Duvar English

The World Bank issued its latest edition of the Turkey Economic Monitor (TEM) on Aug. 12, in which it pointed to the sharp drop in Turkey’s Central Bank reserves.

“A global flight to safety of financial capital and a sharp drop in Central Bank reserves have raised external financing and market pressures,” it said in the report.

External pressures and domestic COVID-19 containment measures led to a sudden halt in domestic output in April-May, it said, adding that these economic impacts have exacerbated labor market challenges that were already building prior to the pandemic, with employment and labor force participation declining.

According to the World Bank, Turkey contained the COVID-19 virus relatively quickly despite an initial surge, but “continued vigilance is essential to sustain this fragile trend.”

“The economic impact of the COVID-19 health crisis has understandably derailed a fragile economic recovery in Turkey. By the second half of 2019, the economy started to gradually recover from the shock of the mid-2018 economic turmoil. Inflation moderated and external balances narrowed,” it said.

The impact of the COVID-19-induced shock could push 3.3 million people into poverty, the World Bank said, while noting that three-quarters of these people could be protected from falling into poverty with the expansion of targeted social support programs put in place earlier by the Turkish authorities to respond to the immediate impact of the pandemic.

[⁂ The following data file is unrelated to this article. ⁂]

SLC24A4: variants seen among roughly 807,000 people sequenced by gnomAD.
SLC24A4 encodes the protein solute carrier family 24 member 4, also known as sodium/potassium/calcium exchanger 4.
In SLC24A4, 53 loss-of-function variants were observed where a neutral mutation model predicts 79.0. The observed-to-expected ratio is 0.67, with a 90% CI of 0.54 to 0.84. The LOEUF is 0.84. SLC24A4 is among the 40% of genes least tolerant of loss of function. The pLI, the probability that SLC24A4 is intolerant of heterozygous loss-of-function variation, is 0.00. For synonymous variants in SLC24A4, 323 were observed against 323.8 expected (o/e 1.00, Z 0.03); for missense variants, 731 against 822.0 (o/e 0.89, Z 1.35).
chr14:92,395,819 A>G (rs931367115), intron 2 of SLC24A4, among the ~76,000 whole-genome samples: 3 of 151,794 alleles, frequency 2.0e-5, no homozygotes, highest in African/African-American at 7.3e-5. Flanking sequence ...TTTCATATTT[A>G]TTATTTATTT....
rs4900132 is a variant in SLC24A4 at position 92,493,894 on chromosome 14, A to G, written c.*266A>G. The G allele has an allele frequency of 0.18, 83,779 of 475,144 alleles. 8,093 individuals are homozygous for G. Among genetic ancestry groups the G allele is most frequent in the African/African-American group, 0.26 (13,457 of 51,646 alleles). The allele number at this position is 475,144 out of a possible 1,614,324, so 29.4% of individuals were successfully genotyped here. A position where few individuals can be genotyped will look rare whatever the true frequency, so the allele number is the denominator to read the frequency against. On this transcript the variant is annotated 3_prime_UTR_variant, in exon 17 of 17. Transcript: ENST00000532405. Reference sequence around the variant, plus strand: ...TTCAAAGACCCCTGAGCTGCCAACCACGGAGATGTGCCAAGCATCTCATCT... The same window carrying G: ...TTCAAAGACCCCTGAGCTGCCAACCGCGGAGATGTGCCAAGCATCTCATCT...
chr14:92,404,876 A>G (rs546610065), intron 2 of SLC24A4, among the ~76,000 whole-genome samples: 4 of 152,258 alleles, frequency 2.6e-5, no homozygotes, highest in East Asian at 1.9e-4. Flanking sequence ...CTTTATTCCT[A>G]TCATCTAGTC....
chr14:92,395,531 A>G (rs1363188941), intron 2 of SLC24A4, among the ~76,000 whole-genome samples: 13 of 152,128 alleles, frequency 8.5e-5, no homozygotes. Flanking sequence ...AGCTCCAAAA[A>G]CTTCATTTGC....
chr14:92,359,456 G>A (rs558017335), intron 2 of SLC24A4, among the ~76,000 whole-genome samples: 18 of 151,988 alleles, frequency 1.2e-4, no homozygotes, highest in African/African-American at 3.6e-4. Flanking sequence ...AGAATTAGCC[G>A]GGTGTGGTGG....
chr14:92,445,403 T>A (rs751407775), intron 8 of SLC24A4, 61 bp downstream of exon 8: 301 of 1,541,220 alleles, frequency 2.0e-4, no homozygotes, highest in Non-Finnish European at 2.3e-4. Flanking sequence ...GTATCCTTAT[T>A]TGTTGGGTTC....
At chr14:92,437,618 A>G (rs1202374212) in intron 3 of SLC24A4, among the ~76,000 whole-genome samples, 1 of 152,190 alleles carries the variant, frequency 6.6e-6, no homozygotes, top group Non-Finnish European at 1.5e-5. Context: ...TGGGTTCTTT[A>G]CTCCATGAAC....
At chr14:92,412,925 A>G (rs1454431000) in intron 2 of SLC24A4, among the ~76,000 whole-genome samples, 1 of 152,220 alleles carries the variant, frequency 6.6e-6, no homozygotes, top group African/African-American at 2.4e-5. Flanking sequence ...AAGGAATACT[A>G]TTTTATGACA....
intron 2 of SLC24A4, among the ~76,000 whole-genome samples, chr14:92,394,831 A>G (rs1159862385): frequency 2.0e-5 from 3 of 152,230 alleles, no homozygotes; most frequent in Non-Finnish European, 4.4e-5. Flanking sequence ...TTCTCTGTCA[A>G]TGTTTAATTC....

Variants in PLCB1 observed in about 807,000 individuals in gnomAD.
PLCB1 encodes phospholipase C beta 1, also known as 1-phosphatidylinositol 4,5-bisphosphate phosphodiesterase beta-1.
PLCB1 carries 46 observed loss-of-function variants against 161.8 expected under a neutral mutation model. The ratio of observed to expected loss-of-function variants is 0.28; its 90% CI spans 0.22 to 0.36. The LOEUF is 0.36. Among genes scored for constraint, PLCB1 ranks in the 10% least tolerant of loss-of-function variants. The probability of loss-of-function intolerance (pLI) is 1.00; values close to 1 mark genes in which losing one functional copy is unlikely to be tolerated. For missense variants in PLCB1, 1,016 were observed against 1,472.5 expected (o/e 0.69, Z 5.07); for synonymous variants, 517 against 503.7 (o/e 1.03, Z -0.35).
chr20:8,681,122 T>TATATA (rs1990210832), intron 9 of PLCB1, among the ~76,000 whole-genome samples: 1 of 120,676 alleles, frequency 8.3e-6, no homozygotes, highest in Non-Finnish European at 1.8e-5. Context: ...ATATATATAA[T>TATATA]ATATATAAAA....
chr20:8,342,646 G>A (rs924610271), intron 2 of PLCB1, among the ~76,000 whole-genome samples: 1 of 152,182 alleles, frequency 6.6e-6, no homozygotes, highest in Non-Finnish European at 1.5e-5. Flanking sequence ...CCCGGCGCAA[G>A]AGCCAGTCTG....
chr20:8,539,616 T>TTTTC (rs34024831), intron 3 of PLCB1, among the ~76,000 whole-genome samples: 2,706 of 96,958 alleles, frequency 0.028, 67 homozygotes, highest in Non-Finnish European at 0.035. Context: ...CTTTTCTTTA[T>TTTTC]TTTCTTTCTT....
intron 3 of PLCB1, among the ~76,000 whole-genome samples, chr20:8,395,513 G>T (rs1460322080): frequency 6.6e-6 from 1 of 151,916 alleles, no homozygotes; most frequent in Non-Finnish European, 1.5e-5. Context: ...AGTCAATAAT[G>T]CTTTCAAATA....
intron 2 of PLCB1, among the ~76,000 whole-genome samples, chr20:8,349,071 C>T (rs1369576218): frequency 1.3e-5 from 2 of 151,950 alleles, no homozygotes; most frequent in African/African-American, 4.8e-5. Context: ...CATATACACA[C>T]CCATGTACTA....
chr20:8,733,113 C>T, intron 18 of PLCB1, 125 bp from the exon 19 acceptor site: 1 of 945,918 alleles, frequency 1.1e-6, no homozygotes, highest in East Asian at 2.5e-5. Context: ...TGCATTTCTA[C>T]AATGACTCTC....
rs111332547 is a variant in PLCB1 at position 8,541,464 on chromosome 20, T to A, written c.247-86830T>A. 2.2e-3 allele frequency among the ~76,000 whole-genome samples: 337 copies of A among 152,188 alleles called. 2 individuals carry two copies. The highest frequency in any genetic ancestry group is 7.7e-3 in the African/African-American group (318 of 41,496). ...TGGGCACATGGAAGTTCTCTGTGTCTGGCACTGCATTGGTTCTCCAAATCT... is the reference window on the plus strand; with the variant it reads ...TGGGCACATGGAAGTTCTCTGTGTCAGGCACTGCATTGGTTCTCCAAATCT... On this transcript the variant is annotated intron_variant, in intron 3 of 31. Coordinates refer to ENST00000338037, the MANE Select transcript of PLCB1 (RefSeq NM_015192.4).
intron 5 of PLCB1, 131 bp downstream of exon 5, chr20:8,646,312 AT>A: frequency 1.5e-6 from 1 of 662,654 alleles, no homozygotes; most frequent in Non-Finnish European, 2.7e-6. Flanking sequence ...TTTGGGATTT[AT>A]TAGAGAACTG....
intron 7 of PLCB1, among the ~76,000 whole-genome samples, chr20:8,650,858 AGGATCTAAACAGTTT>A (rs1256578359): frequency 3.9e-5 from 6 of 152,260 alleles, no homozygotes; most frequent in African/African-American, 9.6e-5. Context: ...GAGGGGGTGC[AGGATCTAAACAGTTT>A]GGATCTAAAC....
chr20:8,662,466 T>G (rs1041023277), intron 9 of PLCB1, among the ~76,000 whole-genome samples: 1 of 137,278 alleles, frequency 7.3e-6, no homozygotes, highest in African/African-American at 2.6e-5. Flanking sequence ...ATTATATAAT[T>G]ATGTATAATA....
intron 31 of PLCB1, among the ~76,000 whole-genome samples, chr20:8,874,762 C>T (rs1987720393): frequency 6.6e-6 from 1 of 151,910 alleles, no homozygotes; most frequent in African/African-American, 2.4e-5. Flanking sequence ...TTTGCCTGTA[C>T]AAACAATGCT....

“The Turkish economy is projected to contract by 3.8 percent in 2020 in the baseline scenario. Important sectors in the Turkish economy are highly vulnerable to COVID-linked economic strains, which could further lower employment, reduce labor force participation and increase the poor population by 1.2 million in 2020,” the report read.

“Like other emerging market economies impacted by the crisis, Turkey will likely experience a decline in potential output, which is estimated to have fallen below 4 percent in 2019, its lowest level in 15 years,” it noted.

“Though short-term external debt obligations seem manageable, a growing current account deficit and the sharp decline in reserves have heightened external vulnerabilities.”

According to the World Bank, policy measures have provided important relief to households and businesses, but the challenge now is to build resilience and accelerate recovery.

“This may require maintaining fiscal responsiveness and flexibility, whilst containing further monetary easing; scrutinize impact of forbearance measures and adjust to maintain financial sector stability; expand household support programs to protect livelihoods and human capital; and rebuild better by accelerating structural reforms,” it said.